The first major hurdle is the rumored $3,000 price for the so-called Apple Reality Pro, which will clearly limit its appeal among shoppers. But even assuming Apple follows up with a cheaper mixed reality headset, it still needs to fight the notion that these devices and the metaverse have already peaked.
After all, Meta has already pivoted to AI, and Google I/O 2023 just happened with only a very brief mention of its mixed reality partnership with Qualcomm and Samsung on an upcoming device. Michael Gartenberg, a former Apple marketing executive who’s now a consultant, told Bloomberg that the headset could be “one of the great tech flops of all time."
So how can Apple win over the skeptics with its headset? Here's 5 ways it can do just that.
No controllers required
The Apple Reality Pro headset is tipped to feature both eye and hand tracking, so you likely won't need controllers to navigate Apple's walled gardenverse.
The Apple headset will reportedly have lots of sensors on the exterior that will work along with sensors within the headset that will be able to read eye movement. This will allow a user to select an item by just looking at it. To open the selected item, the user will have to pinch their index finger and thumb together. Sounds easy enough.
Exclusive content, one-of-a-kind experiences
We've already heard that Apple plans to leverage its headset for immersive video watching in a way where it makes users “feel like they’re seeing a movie on a giant screen in another environment, such as a desert or outer space.” And we also know that Apple is working with top Hollywoord directors like Jon Favreau to create video content for the device.
But there's apparently much more in store with the Apple headset. It will apparently run all iPad apps, as well as offer the ability to make FaceTime calls using renders of your face and body and extend your MacBook's display into the virtual realm — all using a new xrOS.
"The content delivered through an Apple head mounted headset must be tied to its existing ecosystem to create a comprehensive experience across Apple’s portfolio of devices, content, services and applications," said Tuong Nguyen, director analyst at Gartner.
AR meets VR in an elegant way
One of the key rumored features of the Apple Reality Pro headset is that it will let you decide whether you want a fully immersive VR experience or you want to see more of the world around you. And you'll apparently be able to do just that using a built-in dial that's very similar to the digital crown on the best Apple Watches.
Doing this will enter you into an AR pass-through mode, which is where Apple really needs to prove that its years of work around ARKit and augmented reality apps have paid off. Yes, the iPhone lets you experience AR, but this will be the first time you can do things like virtually redecorate rooms in your house and identify stars in the night sky without using your phone.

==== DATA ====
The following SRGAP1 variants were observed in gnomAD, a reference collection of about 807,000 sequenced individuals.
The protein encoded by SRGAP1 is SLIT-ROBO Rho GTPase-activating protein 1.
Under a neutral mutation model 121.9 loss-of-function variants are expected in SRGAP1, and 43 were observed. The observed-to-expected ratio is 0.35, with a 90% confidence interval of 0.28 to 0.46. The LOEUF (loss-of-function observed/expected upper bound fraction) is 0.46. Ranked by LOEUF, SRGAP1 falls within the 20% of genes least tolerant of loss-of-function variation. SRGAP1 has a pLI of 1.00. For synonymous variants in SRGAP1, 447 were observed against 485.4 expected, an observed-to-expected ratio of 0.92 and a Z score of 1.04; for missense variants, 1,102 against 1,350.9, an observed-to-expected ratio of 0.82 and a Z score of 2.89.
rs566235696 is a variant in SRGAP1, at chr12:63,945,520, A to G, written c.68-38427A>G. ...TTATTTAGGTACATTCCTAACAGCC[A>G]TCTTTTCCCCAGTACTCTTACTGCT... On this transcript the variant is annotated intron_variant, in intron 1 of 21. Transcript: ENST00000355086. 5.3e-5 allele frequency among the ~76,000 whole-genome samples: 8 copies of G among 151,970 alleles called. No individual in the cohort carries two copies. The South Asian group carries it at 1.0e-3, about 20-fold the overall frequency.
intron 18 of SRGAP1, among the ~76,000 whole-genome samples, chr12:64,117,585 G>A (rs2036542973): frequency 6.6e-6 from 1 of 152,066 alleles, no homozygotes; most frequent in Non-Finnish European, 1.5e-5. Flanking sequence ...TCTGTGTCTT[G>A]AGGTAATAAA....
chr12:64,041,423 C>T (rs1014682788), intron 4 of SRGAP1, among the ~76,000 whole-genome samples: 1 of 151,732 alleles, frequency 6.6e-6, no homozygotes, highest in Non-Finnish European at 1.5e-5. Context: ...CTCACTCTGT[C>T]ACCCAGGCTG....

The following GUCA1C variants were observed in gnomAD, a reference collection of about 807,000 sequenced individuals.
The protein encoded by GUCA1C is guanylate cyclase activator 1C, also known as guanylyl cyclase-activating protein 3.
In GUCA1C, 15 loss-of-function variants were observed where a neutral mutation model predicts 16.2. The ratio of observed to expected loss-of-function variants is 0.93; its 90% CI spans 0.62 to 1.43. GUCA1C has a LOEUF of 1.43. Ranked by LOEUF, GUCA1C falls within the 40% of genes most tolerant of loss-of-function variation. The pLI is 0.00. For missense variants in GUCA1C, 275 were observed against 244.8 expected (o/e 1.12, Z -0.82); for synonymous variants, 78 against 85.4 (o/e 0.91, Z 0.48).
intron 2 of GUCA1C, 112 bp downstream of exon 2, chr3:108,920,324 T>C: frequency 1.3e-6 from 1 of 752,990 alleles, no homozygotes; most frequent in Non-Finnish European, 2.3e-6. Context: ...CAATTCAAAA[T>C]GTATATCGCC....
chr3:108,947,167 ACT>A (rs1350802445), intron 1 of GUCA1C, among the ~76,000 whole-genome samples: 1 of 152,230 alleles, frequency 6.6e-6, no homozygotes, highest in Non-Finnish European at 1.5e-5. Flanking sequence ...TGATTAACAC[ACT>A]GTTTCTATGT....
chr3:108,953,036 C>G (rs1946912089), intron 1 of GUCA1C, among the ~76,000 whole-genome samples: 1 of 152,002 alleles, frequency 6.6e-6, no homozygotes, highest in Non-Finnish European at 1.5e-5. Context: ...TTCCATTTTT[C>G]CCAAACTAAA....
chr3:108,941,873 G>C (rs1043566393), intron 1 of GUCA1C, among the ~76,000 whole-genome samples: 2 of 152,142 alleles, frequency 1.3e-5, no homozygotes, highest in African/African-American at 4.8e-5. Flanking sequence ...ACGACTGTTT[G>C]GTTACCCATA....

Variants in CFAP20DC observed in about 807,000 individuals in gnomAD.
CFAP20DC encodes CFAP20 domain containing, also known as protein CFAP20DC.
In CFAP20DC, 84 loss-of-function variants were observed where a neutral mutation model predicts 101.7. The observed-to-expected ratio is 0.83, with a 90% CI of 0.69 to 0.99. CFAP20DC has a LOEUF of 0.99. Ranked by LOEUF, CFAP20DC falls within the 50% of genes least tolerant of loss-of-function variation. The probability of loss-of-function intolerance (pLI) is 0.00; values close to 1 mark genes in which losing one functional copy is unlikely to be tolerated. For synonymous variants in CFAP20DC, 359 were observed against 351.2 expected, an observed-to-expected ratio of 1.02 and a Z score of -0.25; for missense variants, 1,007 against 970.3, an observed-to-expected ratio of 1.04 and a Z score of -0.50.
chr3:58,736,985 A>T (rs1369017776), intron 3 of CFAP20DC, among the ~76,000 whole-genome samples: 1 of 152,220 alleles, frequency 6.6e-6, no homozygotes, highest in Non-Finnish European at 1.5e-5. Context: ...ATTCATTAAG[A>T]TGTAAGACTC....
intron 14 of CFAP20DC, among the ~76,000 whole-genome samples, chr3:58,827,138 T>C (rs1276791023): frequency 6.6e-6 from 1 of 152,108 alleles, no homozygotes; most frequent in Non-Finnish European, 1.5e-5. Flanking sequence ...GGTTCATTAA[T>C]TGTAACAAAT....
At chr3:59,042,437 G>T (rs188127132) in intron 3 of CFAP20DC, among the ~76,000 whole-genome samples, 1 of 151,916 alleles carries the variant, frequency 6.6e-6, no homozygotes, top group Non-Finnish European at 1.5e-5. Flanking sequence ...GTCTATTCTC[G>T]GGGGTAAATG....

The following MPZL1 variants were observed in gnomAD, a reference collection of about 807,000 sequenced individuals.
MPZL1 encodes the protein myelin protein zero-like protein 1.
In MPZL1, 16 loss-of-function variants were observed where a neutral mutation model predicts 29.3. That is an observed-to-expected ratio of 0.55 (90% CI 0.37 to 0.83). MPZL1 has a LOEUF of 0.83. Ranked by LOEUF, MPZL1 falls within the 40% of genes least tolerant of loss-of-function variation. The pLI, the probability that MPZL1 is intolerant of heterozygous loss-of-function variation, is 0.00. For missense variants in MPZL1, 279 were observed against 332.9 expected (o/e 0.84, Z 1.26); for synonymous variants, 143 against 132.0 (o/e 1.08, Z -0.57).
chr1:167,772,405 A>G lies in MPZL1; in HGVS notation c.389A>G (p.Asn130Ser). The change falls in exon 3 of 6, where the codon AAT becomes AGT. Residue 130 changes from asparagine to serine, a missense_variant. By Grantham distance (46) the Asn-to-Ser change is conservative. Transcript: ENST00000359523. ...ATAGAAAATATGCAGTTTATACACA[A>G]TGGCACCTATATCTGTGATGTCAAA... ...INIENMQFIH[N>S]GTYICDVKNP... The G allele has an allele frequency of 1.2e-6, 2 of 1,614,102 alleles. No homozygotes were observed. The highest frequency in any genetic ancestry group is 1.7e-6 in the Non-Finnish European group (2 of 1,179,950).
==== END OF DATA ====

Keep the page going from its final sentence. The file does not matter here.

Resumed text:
A lightweight and comfy design (with a catch)
As much as I enjoy using the Meta Quest 2 for short spurts playing Beat Saber or ping pong for a few minutes, the design is clunky, heavy and uncomfortable. By contrast, the Apple Reality Pro is said to be as light as a pair of ski goggles, so you should be able to wear it comfortable for hours at a time.
How much time? Analyst Ming-Chi Kuo says that the Apple headset will offer 2 hours of battery life. That's not very long, and apparently you will need to carry around an external battery that presumably slips into your pocket. I'm willing to live with that trade-off if it means that the headset itself is super sleek.
Apple is big on making its own silicon, so it's not a surprise that the Apple headset is tipped to offer similar power to the M2 chip. In fact, the Apple VR/AR headset will apparently have two chips in it made by TSMC. One of these will likely be a low-power chip to handle less demanding tasks.
Other rumored high-end specs include dual micro OLED displays and 12 cameras for advanced tracking. In other words, the Apple headset should be future-proof.
Apple headset outlook
Apple clearly isn't aiming the Apple Reality Pro headset at the masses. It will be designed for developers and early adopters willing to pay top dollar to get a taste of the future. But at least based on what we've heard so far Apple's first foray into VR/AR headsets could win over plenty of skeptics.
And if three grand is too rich for you (as it is for me), Apple is reportedly already working on a more affordable VR/AR headset for consumers. And eventually we should get a pair of Apple Glasses that we can wear anywhere that our exclusively AR-focused, though that's years away. The first Apple Reality Pro is about planting a flag in a category that could use a serious shaking up.